I could be the girl with insomnia without love, or the girl with insomnia with love, and both are essentially very different. It has struck me in the past week how a simple 3 days can change everything. One moment you are living your mundane excel-posterity life and the next moment you are shot up in a type of dream cloud and talking about substantial dreams with someone and having your feet hang in ski lifts (the Singapore’s version, the easier-termed ‘sky-ride’). It pretty much describes the whole of my life, where I have been caught unawares. I understand how Plath could sit at her table and pay so much attention to spreading caviar on her sandwich, and remember it. Then, in a strange, irreverent way, as all these substantial things begin to grow bigger and overcome you, the little moments (like caviar on a sandwich), start to eclipse them. They become somehow more real. A cavalier type of security, a simple moment of reading a book in front of a window (where the lights shine on a river). I don’t know how happiness lasts, how it begins to start, and what I think of it, anymore.

“If it’s a change in which you’re seeking, I would move you to the beat of a drum.

If it’s a push that you are needing, I would hold you parallel, for you’ll never be alone.If it’s truth that you are missing, I’ll persuade you until you don’t leave a mark.

And if it’s distance that keeps you waiting, three-thousand miles ain’t all that rough.

There’s no home for you here. ” – Christine


So, WS and I were discussing on the Tour de France which is going on now, which is a 3400km bike race through France. Part of the race takes place at the Pyrenees, which is absolutely gorgeous. But it also reminded of this little snippet of greek mythology:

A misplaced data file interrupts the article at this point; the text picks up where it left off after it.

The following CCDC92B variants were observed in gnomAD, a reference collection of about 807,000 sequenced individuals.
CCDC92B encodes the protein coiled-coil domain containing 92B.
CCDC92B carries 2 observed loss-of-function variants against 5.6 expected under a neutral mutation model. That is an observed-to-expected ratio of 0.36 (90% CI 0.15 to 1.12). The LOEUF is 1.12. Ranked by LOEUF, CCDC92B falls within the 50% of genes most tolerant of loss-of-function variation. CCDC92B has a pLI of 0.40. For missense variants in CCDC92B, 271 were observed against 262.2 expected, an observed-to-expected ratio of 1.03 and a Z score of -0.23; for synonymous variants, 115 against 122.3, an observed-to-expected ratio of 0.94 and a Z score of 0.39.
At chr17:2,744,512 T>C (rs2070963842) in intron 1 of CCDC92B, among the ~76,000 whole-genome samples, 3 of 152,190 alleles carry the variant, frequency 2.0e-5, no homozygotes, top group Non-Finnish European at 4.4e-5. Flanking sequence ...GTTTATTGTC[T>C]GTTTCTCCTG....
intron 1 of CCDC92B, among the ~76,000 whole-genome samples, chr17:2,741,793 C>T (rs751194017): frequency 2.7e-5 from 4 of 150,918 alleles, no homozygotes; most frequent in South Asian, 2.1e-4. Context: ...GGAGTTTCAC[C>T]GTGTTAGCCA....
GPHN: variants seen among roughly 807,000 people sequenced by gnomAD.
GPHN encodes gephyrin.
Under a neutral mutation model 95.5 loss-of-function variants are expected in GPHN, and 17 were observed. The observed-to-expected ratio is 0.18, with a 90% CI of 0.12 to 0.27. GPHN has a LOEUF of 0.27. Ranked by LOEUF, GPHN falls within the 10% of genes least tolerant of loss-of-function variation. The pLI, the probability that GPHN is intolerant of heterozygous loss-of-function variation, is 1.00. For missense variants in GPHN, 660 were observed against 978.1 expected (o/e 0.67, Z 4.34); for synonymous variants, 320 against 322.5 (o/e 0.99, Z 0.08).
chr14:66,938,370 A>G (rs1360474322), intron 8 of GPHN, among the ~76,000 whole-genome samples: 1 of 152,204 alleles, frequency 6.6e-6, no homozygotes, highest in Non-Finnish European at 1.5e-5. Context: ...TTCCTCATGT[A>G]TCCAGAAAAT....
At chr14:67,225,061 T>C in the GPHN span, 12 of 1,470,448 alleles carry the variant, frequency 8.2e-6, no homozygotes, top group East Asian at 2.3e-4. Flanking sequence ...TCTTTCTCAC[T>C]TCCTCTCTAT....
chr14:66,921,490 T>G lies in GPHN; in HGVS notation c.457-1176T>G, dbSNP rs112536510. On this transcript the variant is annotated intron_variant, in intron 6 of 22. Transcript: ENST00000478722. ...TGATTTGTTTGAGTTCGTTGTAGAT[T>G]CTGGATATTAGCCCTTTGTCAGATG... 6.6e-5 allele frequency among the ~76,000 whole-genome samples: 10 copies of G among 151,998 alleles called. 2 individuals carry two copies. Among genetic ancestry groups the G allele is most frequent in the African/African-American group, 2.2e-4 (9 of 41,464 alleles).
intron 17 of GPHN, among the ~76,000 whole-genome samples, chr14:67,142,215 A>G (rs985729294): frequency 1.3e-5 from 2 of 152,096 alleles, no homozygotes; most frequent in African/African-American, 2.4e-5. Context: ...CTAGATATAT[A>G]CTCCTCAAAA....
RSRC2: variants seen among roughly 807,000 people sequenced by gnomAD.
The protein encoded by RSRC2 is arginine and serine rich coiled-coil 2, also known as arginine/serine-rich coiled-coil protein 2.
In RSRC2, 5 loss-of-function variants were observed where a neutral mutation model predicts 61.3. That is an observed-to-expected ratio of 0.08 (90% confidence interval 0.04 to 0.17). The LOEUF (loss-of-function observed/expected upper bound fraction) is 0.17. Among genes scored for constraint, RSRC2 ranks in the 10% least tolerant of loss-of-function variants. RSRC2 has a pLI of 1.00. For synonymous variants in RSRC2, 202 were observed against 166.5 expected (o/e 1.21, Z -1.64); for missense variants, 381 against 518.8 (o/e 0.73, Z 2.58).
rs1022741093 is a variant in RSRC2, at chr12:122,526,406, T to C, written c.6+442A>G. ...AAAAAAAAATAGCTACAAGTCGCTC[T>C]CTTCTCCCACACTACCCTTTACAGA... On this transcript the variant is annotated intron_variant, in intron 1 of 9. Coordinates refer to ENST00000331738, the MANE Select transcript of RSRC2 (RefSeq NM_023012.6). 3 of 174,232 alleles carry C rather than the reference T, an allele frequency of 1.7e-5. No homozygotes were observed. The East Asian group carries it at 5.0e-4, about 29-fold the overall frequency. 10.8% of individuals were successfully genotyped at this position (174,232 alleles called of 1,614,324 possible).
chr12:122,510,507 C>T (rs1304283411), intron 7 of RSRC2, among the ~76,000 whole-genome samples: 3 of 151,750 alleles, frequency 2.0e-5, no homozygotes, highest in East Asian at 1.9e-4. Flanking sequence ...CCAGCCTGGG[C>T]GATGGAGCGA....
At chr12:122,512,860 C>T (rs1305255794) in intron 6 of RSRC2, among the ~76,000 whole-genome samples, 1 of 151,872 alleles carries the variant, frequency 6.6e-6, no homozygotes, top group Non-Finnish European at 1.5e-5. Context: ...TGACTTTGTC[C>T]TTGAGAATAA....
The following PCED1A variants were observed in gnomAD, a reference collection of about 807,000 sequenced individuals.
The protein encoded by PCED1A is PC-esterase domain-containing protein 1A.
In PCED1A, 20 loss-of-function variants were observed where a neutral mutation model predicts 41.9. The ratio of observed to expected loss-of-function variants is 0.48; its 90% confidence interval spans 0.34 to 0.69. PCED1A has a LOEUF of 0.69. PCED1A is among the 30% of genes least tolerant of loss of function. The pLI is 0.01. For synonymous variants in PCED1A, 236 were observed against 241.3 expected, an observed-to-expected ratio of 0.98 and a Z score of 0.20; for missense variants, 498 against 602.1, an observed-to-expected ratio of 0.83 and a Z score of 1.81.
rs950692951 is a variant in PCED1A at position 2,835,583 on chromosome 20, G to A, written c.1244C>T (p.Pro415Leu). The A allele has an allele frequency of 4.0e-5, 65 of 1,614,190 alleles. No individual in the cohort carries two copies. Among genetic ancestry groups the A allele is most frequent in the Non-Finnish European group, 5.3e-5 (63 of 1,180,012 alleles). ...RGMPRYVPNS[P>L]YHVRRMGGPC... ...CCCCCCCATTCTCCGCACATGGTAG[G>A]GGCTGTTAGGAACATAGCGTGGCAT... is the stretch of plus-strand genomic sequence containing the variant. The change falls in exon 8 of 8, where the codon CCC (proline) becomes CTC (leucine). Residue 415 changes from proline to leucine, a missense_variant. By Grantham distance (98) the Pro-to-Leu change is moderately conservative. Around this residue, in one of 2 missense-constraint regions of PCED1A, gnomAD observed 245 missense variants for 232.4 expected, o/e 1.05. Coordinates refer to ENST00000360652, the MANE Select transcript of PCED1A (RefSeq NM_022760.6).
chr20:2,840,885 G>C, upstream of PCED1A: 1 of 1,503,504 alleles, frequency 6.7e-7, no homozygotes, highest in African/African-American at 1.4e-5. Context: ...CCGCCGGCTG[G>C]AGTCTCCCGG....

“In classical mythology, Pyrene is a princess who gave her name to the Pyrenees. The Greek historian Herodotus says Pyrene is the name of a town in Celtic Europe. According to Silius Italicus, she was the virginal daughter of Bebryx, a king in Mediterranean Gaul by whom the hero Hercules was given hospitality during his quest to steal the cattle of Geryon during his famous Labors. Hercules, characteristically drunk and lustful, violates the sacred code of hospitality and rapes his host’s daughter. Pyrene gives birth to a serpent and runs away to the woods, afraid that her father will be angry. Alone, she pours out her story to the trees, attracting the attention instead of wild beasts who tear her to pieces.

After his victory over Geryon, Hercules passes through the kingdom of Bebryx again, finding the girl’s lacerated remains. As is often the case in stories of this hero, the sober Hercules responds with heartbroken grief and remorse at the actions of his darker self, and lays Pyrene to rest tenderly, demanding that the surrounding geography join in mourning and preserve her name: “struck by Herculean voice, the mountaintops shudder at the ridges; he kept crying out with a sorrowful noise ‘Pyrene!’ and all the rock-cliffs and wild-beast haunts echo back ‘Pyrene!’ … The mountains hold on to the wept-over name through the ages.” Pliny the Elder connects the story of Hercules and Pyrene to Lusitania, but rejects it as fabulosa, highly fictional.”


Old Disney

Oh the sparkly, sparkly memories!